Tragic death of Joe

PUBLISHED: 11:43 22 March 2007 | UPDATED: 11:43 06 May 2010

Joe, pictured in the week he died, with twin sister Jess (right) and younger sister Ellie

Joe, pictured in the week he died, with twin sister Jess (right) and younger sister Ellie

BRAVE schoolboy Joe Males has lost his fight to beat leukaemia and died on Friday eight days after celebrating his 16th birthday. Joe, a pupil at Priory School, Hitchin, passed away at the family home in Old Hale Way in the town surrounded by his parents

BRAVE schoolboy Joe Males has lost his fight to beat leukaemia and died on Friday eight days after celebrating his 16th birthday.

Joe, a pupil at Priory School, Hitchin, passed away at the family home in Old Hale Way in the town surrounded by his parents Sue, 41, and Dave, 48, and sisters, twin Jess, and Ellie, 14.

After Joe had been diagnosed with two types of leukaemia on Friday, January 13, last year, The Comet supported the family in their quest to find a bone marrow donor.

Family and friends also held a series of events to raise money to help the family as they cared for Joe.

A suitable bone marrow donor was eventually found in Canada and Joe underwent the transplant at Bristol Children's Hospital in May and then returned to school.

Three weeks ago Joe returned home from school complaining of headaches and told his parents he feared the illness had returned.

The following day his mother took him to Addenbrooke's Hospital, Cambridge, where doctors confirmed those fears that the leukaemia had returned and his life expectancy was measured in weeks.

His parents then put together a plan to try and make every one of Joe's last wishes come true. He went to Southend and skimmed stones on the sea; went ice skating, go-karting, bowling and flew in a helicopter and travelled in a stretch limo. He even plucked up courage, despite being in pain, to travel at 142mph on the back of a motorbike at a race track.

He fought through the pain to the end with his courage gaining admiration from everyone who met him.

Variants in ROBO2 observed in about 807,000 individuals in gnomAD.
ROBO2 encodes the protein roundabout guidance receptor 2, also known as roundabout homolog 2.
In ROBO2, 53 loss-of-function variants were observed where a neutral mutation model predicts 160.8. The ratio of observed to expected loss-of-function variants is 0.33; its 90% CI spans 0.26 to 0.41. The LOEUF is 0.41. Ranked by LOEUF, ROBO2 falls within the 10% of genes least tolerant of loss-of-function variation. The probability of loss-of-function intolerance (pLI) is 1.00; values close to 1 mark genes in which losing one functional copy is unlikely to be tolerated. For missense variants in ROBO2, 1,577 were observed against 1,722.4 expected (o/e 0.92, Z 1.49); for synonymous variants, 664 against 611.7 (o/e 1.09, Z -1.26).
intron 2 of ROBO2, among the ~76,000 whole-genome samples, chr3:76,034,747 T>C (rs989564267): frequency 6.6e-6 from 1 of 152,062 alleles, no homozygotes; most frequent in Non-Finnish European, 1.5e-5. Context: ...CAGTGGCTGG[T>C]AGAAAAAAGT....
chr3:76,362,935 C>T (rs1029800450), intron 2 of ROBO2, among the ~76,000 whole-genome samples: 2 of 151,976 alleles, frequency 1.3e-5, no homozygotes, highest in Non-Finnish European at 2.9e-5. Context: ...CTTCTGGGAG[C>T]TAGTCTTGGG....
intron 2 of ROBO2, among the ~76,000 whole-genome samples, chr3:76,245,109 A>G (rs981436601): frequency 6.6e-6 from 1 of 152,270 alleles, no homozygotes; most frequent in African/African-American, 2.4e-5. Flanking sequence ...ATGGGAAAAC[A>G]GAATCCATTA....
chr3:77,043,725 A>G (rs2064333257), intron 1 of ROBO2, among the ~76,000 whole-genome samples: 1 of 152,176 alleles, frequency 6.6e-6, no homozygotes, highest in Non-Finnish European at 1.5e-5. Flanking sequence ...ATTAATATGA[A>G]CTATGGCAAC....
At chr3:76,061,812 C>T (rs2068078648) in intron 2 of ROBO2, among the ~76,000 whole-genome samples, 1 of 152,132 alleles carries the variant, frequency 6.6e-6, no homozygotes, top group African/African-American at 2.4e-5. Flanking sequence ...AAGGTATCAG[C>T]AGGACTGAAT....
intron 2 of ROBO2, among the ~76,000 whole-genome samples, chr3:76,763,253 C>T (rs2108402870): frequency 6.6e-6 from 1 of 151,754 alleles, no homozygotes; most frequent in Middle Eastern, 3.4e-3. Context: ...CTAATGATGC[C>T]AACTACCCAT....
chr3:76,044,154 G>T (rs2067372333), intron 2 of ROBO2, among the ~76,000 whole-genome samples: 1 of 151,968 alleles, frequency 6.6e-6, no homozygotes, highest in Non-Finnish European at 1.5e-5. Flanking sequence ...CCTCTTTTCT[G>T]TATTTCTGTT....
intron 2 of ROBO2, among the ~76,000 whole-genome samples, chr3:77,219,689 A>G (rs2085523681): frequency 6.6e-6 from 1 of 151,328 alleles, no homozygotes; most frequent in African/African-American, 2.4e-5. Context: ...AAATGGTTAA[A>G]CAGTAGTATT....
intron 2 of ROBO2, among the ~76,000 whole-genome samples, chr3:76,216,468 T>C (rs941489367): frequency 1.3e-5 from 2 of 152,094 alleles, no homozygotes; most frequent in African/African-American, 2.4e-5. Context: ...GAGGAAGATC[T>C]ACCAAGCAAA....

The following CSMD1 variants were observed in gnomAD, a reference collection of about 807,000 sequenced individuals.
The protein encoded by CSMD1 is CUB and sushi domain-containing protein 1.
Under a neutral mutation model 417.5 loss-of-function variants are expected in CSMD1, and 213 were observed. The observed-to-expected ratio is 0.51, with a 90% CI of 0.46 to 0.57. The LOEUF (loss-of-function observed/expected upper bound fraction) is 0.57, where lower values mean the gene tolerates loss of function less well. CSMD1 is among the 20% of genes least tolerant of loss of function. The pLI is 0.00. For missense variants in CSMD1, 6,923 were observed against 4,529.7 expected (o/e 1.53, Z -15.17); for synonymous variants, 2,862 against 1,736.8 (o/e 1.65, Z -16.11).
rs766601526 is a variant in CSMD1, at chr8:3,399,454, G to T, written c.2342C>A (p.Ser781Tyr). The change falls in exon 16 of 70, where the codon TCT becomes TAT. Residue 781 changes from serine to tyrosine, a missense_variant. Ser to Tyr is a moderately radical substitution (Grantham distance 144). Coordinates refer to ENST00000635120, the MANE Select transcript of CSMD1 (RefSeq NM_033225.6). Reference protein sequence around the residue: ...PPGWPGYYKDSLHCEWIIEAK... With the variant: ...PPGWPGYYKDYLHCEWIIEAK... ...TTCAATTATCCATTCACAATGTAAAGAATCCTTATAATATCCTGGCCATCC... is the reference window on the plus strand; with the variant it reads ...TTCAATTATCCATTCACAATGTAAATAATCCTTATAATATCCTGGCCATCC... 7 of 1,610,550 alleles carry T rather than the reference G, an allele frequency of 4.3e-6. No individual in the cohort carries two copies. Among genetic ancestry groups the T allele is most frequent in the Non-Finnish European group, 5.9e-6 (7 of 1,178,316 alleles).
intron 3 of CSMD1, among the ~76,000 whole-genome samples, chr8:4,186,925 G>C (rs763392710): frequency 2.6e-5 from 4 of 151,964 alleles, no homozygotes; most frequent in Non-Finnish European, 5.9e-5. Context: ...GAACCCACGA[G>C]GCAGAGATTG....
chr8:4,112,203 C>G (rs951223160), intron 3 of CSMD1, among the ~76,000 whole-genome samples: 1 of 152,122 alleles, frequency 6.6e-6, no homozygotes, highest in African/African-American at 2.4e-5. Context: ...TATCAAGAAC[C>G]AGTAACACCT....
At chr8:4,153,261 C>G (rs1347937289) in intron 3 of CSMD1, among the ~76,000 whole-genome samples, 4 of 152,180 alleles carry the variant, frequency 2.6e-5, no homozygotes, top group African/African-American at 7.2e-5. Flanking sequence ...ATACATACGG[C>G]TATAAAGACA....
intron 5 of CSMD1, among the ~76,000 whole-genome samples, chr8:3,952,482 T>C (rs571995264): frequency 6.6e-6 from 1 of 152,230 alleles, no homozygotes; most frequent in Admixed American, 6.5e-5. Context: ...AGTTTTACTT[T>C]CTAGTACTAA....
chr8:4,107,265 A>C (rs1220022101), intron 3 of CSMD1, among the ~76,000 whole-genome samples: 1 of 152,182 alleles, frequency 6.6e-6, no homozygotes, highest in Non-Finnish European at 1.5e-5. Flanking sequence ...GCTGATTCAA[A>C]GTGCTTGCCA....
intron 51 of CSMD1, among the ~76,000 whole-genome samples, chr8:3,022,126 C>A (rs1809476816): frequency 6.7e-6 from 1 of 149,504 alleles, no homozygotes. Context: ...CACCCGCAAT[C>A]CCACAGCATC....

This week his mother spoke about her son's fight for life and the legacy he has left for so many young people to admire and remember.

"When I told him I was taking him back to Addenbrooke's he did not put up any resistance," said Sue. "They examined Joe and took his bloods. It was only when the CLIC (Cancer and Leukaemia in Children) nurse sat in the room my stomach churned. The disease had returned.

"All that could be done had been done. If Joe had not had the bone marrow transplant then that would have been a possibility. We decided that instead of sending Joe back to hospital for treatment whatever oral chemo was available would be taken at home.

"Joe wanted to know how long he had. I thought it would be like a big countdown and do him no favours so I kept this from him. All Joe wanted to do was go home and see his sisters.

"From that afternoon, when we started telling people, everyone rallied to help us and the next 12 days were jammed with whatever Joe wanted to do until the last three days when his illness finally kept him in bed."

Sue added: "We try not to have regrets. As a family we did what we could in the time we had left.

"Joe wanted to go out as much as possible. Joe's thoughts to me were 'I can't die. I have too much to do'.

"But in spite of the relapse he never once said 'why?' or 'it's not fair'. All he asked me to do was not let the girls waste their lives.

"Jess and Ellie have been absolutely fantastic. A week after Joe relapsed he asked me to take him into town as he had some money saved saying it was no use to him now and wanted to buy something for his sisters.

"He looked round a jeweller's and chose a piece for his sweetheart and something for his sisters which he gave to them the day before he died.

"Joe touched so many people's lives with his bravery and never complained once about his illness."

Pupils in Year 11 at Priory School held an emotional assembly on Monday conducted by head of year Trevor Wilson where they heard of Joe's death.

Before he died the school had informed Joe what grades he would be awarded for his GCSEs which included two A*s for resistant materials and electronics, a remarkable achievement in view of the short amount of time Joe had to complete his coursework.

"He was a wonderful young man, always with a ready smile and for 15 months during treatment he never complained," said Mr Wilson.

"On the day he died I went to see him at home and he was in pain but managed to flicker his right eye in response to me.

"It was an honour and pleasure to teach him. He was a courageous boy who will always be remembered."

Joe's funeral will take place at St Mary's Church, Hitchin, on Tuesday at 11.45am followed by a private cremation at Stopsley. On that day Priory School will also be closed in Joe's memory so pupils can attend the service.

Instead of flowers there will be a collection at the church for balloons that will be released together after the service. All the money will go to Leukaemia Research.


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